Third day the winds and seas were about 30-35 kts. Paul was his usual cold, wet, and tired self, as were all of them. The waves were getting bigger. From his 10am to 2pm shift, they were being bounced around pretty good. It was during the evening when the winds really picked up and the seas became a good 8-10 feet high. At one point, when Peggy was on shift with Paul, and Paul was at the helm, she asked if he was about 6’ tall, and he told her he was about 5’9”, and she said “that last wave was over your head”. That meant the waves were about 9'-10’ high (perhaps more, hard to judge). At times, the winds were gusting up to 39 kts and it became very rough.
During a shift change, the wind and waves were coming from the port quarter, (or the rear left corner of the boat) kicking the boat sideways. It tended to throw them into a beam reach, which would put them off-course, and in order to get back on course, they had to get back into a run. Well, a beam reach is an easy point of sail. However, a run can be a dangerous point of sail because of an accidental jibe, which is when the wind gets behind you and can play havoc with the sails, whipping the boom across the boat. Which, in fact, is exactly what happened! The boom came roaring across to the port side, which slid the trolley hard to the port, pulling the rail off it’s mountings, shearing a 3/8” bolt, and letting all the running rigging that controls the boom's movement, free, so that nothing was controlling the boom. The blocks, pulleys, lines, everything was flying free. Then when correcting the boat to the course it should have been on, the boom came whipping back to the starboard side, with the pulleys and lines waving violently in the wind, ripping through the Dodger wind shield, tearing it to pieces (a brand new one, no less). It damaged all the zippers, and Eisenglass (or clear plastic windshield) so that they were completely destroyed.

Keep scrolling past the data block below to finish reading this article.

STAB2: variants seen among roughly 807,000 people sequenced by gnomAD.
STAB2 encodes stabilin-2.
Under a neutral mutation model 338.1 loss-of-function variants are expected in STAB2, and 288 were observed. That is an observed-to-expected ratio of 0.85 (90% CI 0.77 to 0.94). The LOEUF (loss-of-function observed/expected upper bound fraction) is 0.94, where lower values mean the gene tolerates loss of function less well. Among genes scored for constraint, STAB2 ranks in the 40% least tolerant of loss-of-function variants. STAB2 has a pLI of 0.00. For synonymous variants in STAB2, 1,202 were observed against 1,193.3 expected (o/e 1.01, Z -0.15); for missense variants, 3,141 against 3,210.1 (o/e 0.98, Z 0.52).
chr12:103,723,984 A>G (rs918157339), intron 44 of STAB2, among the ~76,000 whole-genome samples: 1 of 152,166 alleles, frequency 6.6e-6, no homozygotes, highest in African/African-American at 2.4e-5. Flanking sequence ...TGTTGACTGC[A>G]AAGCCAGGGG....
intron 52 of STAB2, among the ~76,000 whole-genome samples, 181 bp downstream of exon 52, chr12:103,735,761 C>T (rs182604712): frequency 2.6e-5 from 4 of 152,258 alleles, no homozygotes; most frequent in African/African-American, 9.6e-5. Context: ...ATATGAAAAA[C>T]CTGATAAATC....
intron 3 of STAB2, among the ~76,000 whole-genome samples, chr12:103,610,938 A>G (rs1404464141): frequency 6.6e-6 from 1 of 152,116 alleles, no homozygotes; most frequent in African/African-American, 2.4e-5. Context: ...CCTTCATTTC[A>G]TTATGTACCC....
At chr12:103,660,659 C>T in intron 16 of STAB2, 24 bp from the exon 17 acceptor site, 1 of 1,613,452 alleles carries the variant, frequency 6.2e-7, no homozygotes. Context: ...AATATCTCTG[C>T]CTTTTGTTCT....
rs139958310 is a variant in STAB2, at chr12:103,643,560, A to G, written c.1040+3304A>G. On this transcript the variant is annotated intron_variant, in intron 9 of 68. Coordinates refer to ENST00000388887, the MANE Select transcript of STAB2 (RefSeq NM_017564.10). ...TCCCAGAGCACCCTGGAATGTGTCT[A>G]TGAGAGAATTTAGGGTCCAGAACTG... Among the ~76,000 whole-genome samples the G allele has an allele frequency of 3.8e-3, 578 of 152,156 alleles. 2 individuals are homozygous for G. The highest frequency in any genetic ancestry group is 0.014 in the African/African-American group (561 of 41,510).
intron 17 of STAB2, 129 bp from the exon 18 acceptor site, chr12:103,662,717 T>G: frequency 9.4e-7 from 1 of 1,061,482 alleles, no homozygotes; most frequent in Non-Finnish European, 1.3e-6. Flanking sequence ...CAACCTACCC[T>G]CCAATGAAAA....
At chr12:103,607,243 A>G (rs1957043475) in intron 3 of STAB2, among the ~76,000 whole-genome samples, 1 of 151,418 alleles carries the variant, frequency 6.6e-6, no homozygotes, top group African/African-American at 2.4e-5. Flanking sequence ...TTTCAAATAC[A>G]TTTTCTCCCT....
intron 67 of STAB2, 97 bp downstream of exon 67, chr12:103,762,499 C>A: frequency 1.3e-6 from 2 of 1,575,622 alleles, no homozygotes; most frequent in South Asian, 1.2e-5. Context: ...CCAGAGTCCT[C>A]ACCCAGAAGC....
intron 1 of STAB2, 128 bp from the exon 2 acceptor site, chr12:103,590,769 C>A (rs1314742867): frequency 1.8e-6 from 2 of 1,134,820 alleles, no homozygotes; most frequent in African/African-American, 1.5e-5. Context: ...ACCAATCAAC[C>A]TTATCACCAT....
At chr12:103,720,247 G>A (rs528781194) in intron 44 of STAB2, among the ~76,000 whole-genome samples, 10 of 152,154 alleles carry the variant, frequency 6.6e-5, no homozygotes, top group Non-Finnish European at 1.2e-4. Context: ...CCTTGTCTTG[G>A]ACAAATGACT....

At this point they had to quickly start the engine, make sure there were no lines in the water to foul the propeller, turn the boat into the wind, secure the boom, and drop the mainsail. The seas were still going strong, but they managed to motor in to Panama City and dock for the night at Panama City Marina. The guard came out and said they were preparing for a hard freeze of 30° that night, which attests to why Paul was so cold out on the water. Paul said the rest of the crew had better foul weather gear, so didn’t seem as cold as he was. This was an important lesson: remember to invest in good “foulies”. Get good gloves, wear lots of socks, have a warm jackets and/or good rain suits.
After docking, and changing his shorts, they all sat and had a beer (which Paul said never tasted so good) and discussed what happened. It was an incident no one wants to have happen on their journey, yet it was also important to see that these kinds of disasters DO happen and you have to keep a level head to make sure you manage things in an organized and safe manner. Rick and Peggy were great. Paul said they were both calm and clear headed throughout the incident, and got everything under control as quickly and safely as humanly possible with no panic at all. The crew was fortunate not to have been physically harmed in this incident…all came through it without a scratch. It could have been a much different scenario if Rick and Peggy hadn’t handled it so well. Paul said this is the strongest lesson he got from the journey: how to stay calm in a serious situation.
The crew stayed in the Panama City Marina over the weekend. They worked on the traveler and Peggy made them meatloaf in the pressure cooker for Saturday’s dinner, (which I have got to learn how to do!) and on Sunday John took everyone out for lunch at a local restaurant “Bayou Joe’s Marina and Grill” where John had a “Trashburger”!! Doesn’t that sound yummy? :^P
That evening Paul made reservations to fly back to Kemah. He flew back on Monday morning and I picked him up at the Hobby Airport, just a 25-minute drive from our boat. (Bush International Airport is over an hour away). Southwest Airlines got him here almost ½ hour early and he was so glad to be back. One very tired man, but also full of stories and experiences. This adventure with the crew of the S/V Vision Quest was an important learning experience. The things he learned that stand out the most are: 1. Make sure you have good, warm, foul weather gear, 2. Stay calm in dangerous situations and bring things back under control without panicking, 3. Have Hefty quart sized zipper plastic bags on hand, 4. Realize what weather conditions you want to sail in and gauge your experiences to the prevailing weather conditions.